13. At the centre of Mr Poll's submissions was first, the submission that I should measure reasonableness according to the standards of very wealthy people, and second, to emphasise the principle that in general the wife should not be relegated to a lower standard of living than that which the husband enjoys even pending suit.

14. Mr Poll sought, in addition to the provision of the house and staff, a monthly sum of HK$350,000.

15. Mr Pilbrow for his part argued that the family expenses should be limited to the funds available from H House, from which he said they traditionally came. He showed how the wife had been requested to reduce her spending, and argued that capital had been depleted to support her spending pattern. He argued that the wife had made insufficient financial disclosure and was guilty of financial misconduct.

16. Mr Pilbrow said that the provision of the house, staff and the current cash sum of HK$130,000 a month that is being paid was sufficient to meet the wife's reasonable needs in terms of s 3 MPPO.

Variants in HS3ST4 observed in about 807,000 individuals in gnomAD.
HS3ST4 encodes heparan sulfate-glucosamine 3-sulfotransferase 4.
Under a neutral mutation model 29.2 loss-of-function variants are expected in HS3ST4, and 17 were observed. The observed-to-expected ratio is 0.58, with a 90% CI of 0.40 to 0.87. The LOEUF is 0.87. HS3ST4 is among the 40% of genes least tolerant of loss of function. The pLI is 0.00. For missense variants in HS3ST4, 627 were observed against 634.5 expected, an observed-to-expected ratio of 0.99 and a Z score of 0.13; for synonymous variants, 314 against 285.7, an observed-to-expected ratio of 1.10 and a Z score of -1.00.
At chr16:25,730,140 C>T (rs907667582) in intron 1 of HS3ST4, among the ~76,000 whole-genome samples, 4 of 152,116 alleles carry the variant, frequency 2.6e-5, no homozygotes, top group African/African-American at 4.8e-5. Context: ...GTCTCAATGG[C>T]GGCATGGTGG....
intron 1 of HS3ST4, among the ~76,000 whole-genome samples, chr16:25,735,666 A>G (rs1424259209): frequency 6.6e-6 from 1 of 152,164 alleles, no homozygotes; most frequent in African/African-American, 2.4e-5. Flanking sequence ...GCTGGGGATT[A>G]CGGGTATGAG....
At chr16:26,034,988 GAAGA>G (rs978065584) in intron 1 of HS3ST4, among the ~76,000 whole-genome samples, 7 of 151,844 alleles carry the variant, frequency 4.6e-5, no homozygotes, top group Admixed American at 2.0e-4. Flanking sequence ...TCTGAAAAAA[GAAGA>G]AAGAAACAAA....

17. It is well-established that in an application for maintenance pending suit there ought not to be a detailed examination of the parties financial affairs. The application is necessarily an emergency application and if the order made is too high, or too low, it can be adjusted on the substantive hearing for ancillary relief. But that said, it is necessary to look to some extent at the financial position in order to determine standards of living of the parties and the availability of funds.

18. Both counsel took me through various aspects of the documents to show to me evidence that supported their submissions.

19. It does appear that the H House Income was used to meet family expenditure. But other funds were used too, over a number of years, apparently for a long time without complaint by the husband, and the source of those funds is not yet clear. The husbands...

To continue reading

Request your trial

VLEX uses login cookies to provide you with a better browsing experience. If you click on 'Accept' or continue browsing this site we consider that you accept our cookie policy. ACCEPT